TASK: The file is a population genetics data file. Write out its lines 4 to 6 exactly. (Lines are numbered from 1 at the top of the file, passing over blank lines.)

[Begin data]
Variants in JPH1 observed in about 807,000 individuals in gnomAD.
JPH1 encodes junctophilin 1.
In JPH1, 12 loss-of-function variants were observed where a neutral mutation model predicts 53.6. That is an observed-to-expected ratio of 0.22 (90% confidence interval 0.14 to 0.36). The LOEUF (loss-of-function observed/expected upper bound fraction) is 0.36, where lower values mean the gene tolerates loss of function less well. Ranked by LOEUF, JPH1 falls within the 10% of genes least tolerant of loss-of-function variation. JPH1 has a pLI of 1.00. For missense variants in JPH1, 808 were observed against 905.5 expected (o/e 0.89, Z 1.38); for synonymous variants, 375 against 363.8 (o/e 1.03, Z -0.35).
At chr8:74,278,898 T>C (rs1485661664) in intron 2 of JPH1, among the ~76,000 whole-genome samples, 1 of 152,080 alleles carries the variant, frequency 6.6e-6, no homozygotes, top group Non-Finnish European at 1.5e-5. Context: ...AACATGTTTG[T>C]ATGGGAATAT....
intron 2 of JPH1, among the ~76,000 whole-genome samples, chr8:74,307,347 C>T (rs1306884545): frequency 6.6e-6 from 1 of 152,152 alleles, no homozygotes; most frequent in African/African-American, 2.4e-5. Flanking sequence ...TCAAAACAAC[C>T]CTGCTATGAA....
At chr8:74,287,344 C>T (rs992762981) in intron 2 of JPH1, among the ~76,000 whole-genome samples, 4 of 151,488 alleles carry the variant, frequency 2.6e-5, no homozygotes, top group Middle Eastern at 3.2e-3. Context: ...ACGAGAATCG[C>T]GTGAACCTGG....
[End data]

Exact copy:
At chr8:74,278,898 T>C (rs1485661664) in intron 2 of JPH1, among the ~76,000 whole-genome samples, 1 of 152,080 alleles carries the variant, frequency 6.6e-6, no homozygotes, top group Non-Finnish European at 1.5e-5. Context: ...AACATGTTTG[T>C]ATGGGAATAT....
intron 2 of JPH1, among the ~76,000 whole-genome samples, chr8:74,307,347 C>T (rs1306884545): frequency 6.6e-6 from 1 of 152,152 alleles, no homozygotes; most frequent in African/African-American, 2.4e-5. Flanking sequence ...TCAAAACAAC[C>T]CTGCTATGAA....
At chr8:74,287,344 C>T (rs992762981) in intron 2 of JPH1, among the ~76,000 whole-genome samples, 4 of 151,488 alleles carry the variant, frequency 2.6e-5, no homozygotes, top group Middle Eastern at 3.2e-3. Context: ...ACGAGAATCG[C>T]GTGAACCTGG....